Louisiana’s role in ‘Lincoln’
By mark ballard
Capitol news bureau
December 04, 2012
Louisiana politics has always been about who you know, and that’s why I’m jealous of Lake Charles Mayor Randy Roach.
The bio-pic “Lincoln” is to history nerds, a fraternity to which I belong, as “Star Trek” is to science geeks. And Roach, whose name is in the credits, had a front-row seat to the making of the movie.
His friend Tony Kushner invited Roach to Richmond the week after Thanksgiving 2011 to watch part of the filming. A Pulitzer Prize-winning playwright who wrote the script for the movie, Kushner grew up in Lake Charles. His father, the late William Kushner, was conductor of the Lake Charles Symphony.
Roach said Kushner knew he was “a shade-tree historian” with a passion for President Abraham Lincoln.
“You can study the character of Lincoln on so many different levels — the spiritual level, a leadership level, a political level, a human level — I mean, there are so many dimensions to his character,” Roach said in an interview last week. “He is a pivotal figure in the history of our country.”
Roach dressed in a period costume and shook the hand of Lincoln, as played by Daniel Day-Lewis. His part in the White House reception scene, filmed in the Virginia governor’s mansion, ended up on the cutting room floor.
But Roach said he met director Steven Spielberg. He reminisced with David Strathairn, who played Secretary of State William Seward, and spent time in Jefferson Davis Parish in the early 1990s for the production of “Passion Fish.”
But, mostly, Roach said, he watched as Spielberg interacted with cast and crew while putting the film together.
Spielberg and Kushner “were constantly working the script, constantly working with the actors,” trying to convey the sense of the moment for the months after Lincoln’s re-election in November 1864, to his death in April 1865. They wanted it as efficient as possible, but also as realistic as possible, Roach said.
The focus in the movie was Lincoln’s efforts, mostly in January 1865, to pass the 13th Amendment to the U.S. Constitution, which abolished slavery. He tried to negotiate and maneuver through Congress an idea, freedom for the slaves, whose time had not yet come — rather than bullying opposition and bulldozing through the law.
That particular event is but a few pages in Doris Kearns Goodwin’s biography, “Lincoln, Team of Rivals: The Political Genius of Abraham Lincoln.” The book basically retells how Lincoln went about accomplishing his political goals by, for instance, seeking the counsel of those who disagreed with him, instead of relying on advice that reinforced his own prejudices.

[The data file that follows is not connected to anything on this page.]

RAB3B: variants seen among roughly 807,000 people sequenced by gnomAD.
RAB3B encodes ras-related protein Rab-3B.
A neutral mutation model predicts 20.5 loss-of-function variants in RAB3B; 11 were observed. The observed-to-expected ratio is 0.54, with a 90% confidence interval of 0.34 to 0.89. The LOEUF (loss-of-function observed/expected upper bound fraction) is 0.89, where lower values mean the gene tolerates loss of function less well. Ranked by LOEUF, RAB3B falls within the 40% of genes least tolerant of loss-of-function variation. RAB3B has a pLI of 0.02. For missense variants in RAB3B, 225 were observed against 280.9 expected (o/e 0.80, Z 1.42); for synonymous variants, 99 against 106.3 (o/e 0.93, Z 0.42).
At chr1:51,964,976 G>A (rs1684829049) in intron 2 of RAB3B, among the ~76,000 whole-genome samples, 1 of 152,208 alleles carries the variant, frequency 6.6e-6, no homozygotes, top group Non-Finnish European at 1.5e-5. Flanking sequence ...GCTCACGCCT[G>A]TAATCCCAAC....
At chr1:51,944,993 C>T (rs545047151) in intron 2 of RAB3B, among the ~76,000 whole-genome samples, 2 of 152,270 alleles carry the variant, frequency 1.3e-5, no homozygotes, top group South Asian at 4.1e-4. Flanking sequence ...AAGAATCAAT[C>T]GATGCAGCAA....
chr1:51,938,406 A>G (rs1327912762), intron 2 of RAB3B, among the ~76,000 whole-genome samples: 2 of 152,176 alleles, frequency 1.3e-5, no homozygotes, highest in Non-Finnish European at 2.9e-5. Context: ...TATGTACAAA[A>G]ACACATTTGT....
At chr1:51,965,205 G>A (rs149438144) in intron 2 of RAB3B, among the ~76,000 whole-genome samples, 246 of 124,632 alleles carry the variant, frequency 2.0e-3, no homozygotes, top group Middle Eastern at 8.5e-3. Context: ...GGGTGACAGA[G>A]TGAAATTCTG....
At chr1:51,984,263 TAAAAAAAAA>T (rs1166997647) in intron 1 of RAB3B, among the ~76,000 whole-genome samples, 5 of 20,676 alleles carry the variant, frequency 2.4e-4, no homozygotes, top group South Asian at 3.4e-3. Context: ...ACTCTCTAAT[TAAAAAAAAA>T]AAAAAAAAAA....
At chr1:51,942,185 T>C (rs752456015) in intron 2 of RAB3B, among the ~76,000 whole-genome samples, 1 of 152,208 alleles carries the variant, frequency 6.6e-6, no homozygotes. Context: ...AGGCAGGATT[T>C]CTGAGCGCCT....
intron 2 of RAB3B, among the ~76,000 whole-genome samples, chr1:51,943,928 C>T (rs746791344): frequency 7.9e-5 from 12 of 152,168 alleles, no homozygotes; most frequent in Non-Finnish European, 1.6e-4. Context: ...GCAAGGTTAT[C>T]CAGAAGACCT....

Roach said Lincoln was a first-rate politician, a fact glossed over by many historians, but that is the basic theme of the movie. “Like most politicians you don’t always understand how they do what they do and why,” he said.
The very word “politician” gives Americans the creeps. Consequently historians have generally failed to recognize Lincoln’s skills as a dexterous — even cagey — politician. That point was made by Sean Wilentz, a history professor at Princeton University, during a recent Lincoln lecture series sponsored by The Huntington Library, of San Marion, Calif., one the world’s largest collections of Lincoln papers.
For many today, politics is synonymous with slick campaigns, evasive public comments, vicious attack ads and, partisans who run and govern on the basis of opinion polls or with polarizing demagogic appeals to the lesser devils of our nature, Wilentz said. But, Roach said, Lincoln could not have been a statesman, had he not been an excellent politician.
“I remember talking to Tony several years ago while he was working on this script,” Roach recalled. “Tony commented that if Lincoln had not been president, we probably would have ended up with at least two Americas and possibly four or five. … Your history, my history, would have been totally different.”
Historian Jay Winik, of Chevy Chase, Md., would agree with Roach. In his book “April 1865 — The Month That Saved America,” he argued that America could easily have turned out like Northern Ireland or the Middle East, but evolved past a clever political arrangement into “a transcendent and pervading idea.”
Mark Ballard is editor of The Advocate’s Capitol news bureau. His email address is firstname.lastname@example.org.